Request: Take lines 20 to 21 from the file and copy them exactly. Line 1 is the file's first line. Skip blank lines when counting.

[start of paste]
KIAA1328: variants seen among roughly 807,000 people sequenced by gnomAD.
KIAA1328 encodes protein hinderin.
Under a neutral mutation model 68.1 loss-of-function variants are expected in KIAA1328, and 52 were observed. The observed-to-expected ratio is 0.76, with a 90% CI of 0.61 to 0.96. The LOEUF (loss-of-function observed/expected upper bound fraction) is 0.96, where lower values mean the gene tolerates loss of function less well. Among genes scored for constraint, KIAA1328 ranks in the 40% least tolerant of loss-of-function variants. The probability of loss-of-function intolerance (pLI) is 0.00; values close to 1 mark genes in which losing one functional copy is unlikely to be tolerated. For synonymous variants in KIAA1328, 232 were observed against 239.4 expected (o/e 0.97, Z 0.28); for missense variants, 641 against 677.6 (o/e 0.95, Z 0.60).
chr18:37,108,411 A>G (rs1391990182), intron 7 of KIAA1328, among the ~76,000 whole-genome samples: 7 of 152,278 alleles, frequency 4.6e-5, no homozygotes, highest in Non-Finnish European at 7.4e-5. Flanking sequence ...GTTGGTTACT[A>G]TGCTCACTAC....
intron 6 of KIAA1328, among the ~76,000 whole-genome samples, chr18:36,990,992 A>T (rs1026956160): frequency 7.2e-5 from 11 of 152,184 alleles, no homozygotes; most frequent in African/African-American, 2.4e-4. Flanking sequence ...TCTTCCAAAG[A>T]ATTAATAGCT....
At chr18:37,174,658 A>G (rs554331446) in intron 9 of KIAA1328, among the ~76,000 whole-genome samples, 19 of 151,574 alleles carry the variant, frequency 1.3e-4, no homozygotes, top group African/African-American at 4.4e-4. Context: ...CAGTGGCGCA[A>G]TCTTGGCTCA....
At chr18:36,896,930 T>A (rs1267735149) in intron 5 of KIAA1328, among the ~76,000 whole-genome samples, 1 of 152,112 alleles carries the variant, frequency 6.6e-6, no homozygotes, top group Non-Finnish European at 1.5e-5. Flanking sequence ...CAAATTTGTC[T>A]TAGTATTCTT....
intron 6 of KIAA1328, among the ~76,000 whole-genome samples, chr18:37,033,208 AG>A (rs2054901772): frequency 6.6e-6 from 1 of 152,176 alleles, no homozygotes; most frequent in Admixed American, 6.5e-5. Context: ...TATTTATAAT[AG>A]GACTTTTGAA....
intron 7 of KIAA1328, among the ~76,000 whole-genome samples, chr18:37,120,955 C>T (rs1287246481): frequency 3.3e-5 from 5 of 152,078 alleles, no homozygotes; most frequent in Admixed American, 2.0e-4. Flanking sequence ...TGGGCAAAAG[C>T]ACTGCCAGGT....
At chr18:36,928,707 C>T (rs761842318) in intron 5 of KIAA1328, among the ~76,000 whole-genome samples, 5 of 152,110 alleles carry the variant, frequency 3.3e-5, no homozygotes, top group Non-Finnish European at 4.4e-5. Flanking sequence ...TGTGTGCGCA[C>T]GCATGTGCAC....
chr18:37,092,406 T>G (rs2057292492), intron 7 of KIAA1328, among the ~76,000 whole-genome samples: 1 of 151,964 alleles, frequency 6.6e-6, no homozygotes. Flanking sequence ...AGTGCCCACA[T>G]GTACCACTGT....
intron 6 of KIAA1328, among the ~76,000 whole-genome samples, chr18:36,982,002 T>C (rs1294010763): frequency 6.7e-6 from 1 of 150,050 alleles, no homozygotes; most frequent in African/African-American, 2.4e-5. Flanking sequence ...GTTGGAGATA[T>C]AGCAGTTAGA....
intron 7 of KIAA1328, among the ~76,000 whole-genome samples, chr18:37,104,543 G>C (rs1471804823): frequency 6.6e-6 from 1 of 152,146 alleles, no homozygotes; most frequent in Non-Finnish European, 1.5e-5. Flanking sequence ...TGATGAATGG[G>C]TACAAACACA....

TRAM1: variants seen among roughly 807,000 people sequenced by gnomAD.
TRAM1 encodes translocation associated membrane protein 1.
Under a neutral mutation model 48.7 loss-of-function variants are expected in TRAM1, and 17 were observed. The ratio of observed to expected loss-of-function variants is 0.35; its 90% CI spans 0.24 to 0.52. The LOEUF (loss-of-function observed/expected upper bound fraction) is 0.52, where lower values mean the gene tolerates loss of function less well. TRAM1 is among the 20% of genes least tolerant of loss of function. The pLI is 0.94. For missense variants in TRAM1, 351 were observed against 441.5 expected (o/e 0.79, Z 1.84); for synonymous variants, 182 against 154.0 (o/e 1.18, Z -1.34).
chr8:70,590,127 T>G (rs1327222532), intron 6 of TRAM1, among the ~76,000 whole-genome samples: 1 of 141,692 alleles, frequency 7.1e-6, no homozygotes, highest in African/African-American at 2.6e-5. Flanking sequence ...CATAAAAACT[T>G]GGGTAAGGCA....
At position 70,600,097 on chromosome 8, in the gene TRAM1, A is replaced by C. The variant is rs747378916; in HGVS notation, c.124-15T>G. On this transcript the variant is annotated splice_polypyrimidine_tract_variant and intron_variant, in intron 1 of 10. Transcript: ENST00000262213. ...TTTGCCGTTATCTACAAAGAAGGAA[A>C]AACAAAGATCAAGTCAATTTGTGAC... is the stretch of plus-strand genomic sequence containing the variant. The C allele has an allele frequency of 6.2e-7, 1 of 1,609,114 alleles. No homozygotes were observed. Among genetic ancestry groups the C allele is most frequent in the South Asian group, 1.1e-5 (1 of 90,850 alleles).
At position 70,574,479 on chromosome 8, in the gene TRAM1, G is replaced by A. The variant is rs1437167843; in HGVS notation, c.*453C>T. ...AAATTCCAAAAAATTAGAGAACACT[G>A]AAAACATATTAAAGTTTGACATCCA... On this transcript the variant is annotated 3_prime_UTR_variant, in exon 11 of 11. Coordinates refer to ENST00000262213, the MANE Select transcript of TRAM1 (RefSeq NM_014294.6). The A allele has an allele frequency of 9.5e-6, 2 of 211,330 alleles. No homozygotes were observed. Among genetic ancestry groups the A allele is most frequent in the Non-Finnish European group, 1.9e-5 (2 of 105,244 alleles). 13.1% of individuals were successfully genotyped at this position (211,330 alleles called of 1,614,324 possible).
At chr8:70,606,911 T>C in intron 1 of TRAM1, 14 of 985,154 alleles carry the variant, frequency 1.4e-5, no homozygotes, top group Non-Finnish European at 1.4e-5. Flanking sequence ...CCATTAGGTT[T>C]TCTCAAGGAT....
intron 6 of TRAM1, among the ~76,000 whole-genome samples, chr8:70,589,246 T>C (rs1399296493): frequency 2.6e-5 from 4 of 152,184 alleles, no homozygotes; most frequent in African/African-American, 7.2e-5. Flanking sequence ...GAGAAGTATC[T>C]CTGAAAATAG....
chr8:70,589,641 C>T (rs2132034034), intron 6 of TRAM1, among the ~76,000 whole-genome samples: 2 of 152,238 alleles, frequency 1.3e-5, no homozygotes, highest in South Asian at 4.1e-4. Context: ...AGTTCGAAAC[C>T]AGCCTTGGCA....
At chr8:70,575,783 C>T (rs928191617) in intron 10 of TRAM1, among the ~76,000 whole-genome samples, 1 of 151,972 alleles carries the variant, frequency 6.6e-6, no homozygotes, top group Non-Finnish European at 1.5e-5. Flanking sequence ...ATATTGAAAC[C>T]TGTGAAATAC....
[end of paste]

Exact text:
At chr8:70,606,911 T>C in intron 1 of TRAM1, 14 of 985,154 alleles carry the variant, frequency 1.4e-5, no homozygotes, top group Non-Finnish European at 1.4e-5. Flanking sequence ...CCATTAGGTT[T>C]TCTCAAGGAT....
intron 6 of TRAM1, among the ~76,000 whole-genome samples, chr8:70,589,246 T>C (rs1399296493): frequency 2.6e-5 from 4 of 152,184 alleles, no homozygotes; most frequent in African/African-American, 7.2e-5. Flanking sequence ...GAGAAGTATC[T>C]CTGAAAATAG....